Sleeping Bag Lifespans: Getting the most bang for your buck
Down sleeping bags aren’t cheap, especially when you happen to be purchasing an expedition bag that has a rating of-40F/-40C.
Though you may not use your expedition bag often, it always something you can’t do without when you are traveling to altitude or extreme climates.
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When you want to trade or sell an old sleeping bag, you want to make sure that it is the best shape you can make it, so make sure to follow these maintenance tips to make sure that you get the most out of your investment.
Upkeep on the Trail
The secret of sleeping bag maintenance is keeping it as clean and dry as humanly possible, but that is easier said than done when you’re on the trail. Whether or not you like to admit it, after a few days on the mountain or trail, you’re probably a dirty and sweaty mess.
The dirt, sweat, and grease on your body transfer on to your bag and causes the down of the sleeping bag to clump and makes the material breathe less effectively, trapping moisture inside the bag and making you feel colder and more exposed to the elements.
To keep your bag clean when you are dirty, sleep in cleaner clothing, wear head protection on your head, and use a sleeping bag liner. Sleeping bag liners are affordable, easy to wash, and they come in a variety of materials from cotton, silk, and even fleece.
As long as you’re going somewhere cold, take into consideration a fleece liner, which can raise the warmth rating by a couple of degrees. Liners are also a great choice for folks who don’t like to wear much clothing to bed.
You also want to ensure your bag is as dry as you possibly can make it when you are on the trail. Tents become humid overnight because when we exhale, we emit warm air that lingers inside the tent and condenses on the cold tent walls.
At high altitudes, you breathe faster, and therefore, even more, moisture accumulates in your pack and on the tent walls, respectively. If you can, air out your bag by putting it in the sun or wind to dry before you putting it inside your pack for the day.
Airing your bag out at lunch or right before you place it inside your tent is another fine alternative. Rainy and humid weather will make airing your bag out more difficult but do your best. Your bag will continue to function when it is damp, be certain to maintain it well when you get home or when the weather improves.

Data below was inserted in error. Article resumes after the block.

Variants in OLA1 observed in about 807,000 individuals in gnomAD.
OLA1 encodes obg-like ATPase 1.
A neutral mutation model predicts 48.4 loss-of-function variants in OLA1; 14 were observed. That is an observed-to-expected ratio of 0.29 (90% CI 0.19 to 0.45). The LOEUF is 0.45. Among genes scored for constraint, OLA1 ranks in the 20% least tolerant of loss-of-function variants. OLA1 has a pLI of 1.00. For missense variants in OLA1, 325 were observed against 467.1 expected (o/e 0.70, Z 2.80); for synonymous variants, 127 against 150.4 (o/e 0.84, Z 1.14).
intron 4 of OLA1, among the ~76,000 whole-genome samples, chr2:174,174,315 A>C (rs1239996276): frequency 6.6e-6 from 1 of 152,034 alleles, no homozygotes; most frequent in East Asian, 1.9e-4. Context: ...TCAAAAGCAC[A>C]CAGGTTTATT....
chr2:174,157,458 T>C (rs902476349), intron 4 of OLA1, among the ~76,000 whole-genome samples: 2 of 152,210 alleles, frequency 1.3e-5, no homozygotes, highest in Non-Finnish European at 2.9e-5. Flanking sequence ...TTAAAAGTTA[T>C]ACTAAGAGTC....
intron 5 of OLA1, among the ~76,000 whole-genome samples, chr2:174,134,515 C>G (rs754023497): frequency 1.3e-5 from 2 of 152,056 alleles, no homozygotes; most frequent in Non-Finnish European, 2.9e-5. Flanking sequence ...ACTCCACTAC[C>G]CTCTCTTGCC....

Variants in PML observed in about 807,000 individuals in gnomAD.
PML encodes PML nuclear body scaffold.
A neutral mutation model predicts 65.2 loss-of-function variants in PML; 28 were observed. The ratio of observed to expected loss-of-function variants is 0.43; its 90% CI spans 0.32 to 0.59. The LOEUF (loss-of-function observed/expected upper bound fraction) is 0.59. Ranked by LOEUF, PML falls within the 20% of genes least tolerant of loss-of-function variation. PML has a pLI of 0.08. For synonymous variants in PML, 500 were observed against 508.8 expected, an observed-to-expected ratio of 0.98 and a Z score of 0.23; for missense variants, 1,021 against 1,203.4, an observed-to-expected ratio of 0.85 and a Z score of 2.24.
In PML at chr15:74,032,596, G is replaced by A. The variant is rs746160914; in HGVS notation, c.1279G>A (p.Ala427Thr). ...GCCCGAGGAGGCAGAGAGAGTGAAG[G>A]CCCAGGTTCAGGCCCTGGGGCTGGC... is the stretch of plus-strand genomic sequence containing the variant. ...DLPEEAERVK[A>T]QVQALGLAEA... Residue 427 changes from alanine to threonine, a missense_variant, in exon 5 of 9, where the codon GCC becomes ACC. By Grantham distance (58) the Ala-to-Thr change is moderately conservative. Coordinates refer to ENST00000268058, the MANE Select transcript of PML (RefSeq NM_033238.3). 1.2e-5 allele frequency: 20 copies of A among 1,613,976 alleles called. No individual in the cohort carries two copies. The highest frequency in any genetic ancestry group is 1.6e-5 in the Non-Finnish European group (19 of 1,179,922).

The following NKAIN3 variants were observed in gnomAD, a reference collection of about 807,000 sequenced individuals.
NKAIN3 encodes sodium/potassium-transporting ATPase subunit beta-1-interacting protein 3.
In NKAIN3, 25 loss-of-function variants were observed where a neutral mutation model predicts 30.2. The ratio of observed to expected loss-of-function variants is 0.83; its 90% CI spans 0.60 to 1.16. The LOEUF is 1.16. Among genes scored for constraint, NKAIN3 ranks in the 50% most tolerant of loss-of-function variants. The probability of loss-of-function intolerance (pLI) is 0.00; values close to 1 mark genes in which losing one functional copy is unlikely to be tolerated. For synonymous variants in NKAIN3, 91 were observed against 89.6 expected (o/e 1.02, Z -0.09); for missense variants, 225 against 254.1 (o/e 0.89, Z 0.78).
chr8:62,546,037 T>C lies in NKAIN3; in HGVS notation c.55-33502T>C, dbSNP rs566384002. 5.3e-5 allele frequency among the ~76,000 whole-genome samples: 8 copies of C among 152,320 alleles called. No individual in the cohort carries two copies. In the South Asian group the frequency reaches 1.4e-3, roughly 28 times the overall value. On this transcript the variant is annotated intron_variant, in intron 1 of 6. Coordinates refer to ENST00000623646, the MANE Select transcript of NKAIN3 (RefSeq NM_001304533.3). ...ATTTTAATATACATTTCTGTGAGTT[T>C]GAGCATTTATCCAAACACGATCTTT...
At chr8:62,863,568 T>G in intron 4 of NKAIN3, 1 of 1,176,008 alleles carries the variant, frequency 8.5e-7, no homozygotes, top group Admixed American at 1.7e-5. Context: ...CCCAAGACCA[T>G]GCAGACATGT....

Finally, place your bag carefully into the stuff sack. Make sure to use the stuff sack that came with the bag or use a compression sack.
When you try to fit your bag with a sack smaller compared to what it was designed for, you wind up putting stress on the stitching, which can harm the bag. Begin with the toe end on the bag and try to stuff the sack evenly all the way through. Zipping the zipper on the bag will be sure to make it easier.
Also, make sure that the sleeping bag will stay dry while it is inside your pack. Wrap your stuff sack inside a plastic bag or line your pack with a plastic liner to keep water from coming into your bag throughout the day. Pack covers work too if you aren’t worried about weight.
The most important step for prolonging the life of your sleeping bag is home maintenance. Storing a damp and dirty bag is a recipe for mildew and clumpy down, which will drastically reduce the warmth and loft of the bag.
Make sure to hang your bag outside in the wind or indirect sunlight until it is completely dry. Leave it out both right-side-out and inside-out to ensure that it is completely dry all the way through.
Also, keep in mind that direct sunlight will slowly degrade the fabric and cause the down to lose effectiveness. Sun damage can make your sleeping bag lose years on its life!
If air drying is not an option, you can put the bag in your drier at home. Make sure the temperature is low (hot temperatures can degrade or even melt the fabric) and check on it often, it’s almost like a cake baking in the oven that needs to be constantly checked on.
Put a few tennis balls in the drier with the bag to keep the down from clumping and pull it out every so often to manually pull apart clumps as you would any other bedding or blankets that clump in the middle.
Storage at Home
This is the most simple and yet most commonly ignored tip. Do not store your sleeping bag in a stuff sack or compression sack! Keeping your bag compressed for long periods will decrease the loft in the down.
Also, stuff sacks are usually not very breathable, which means that any remaining moisture will be trapped in the bag, causing mildew and mold in some instances. Instead, store your bag in large, cotton, or mesh bags that do not compress your sleeping bag. Most sleeping bags come with a storage sack, but if yours does not, a cotton laundry bag will work.
Just remember to store your bag in a dry place. In case your basement storage room is damp and dank, consider storing it on the top shelf inside your bedroom closet or someplace else dry and cool. If you find that you have to wash your sleeping bag after every camping trip, you are doing something wrong. You should only need to wash your bag when it starts looking flat or lumpy, or if it smells bad.
Just be sure to follow these tips, and you will get the most value out of your sleeping bag while you own it. The best deals are always made when both parties feel that they are coming out on top, so make sure that you come to a deal with the best items to trade.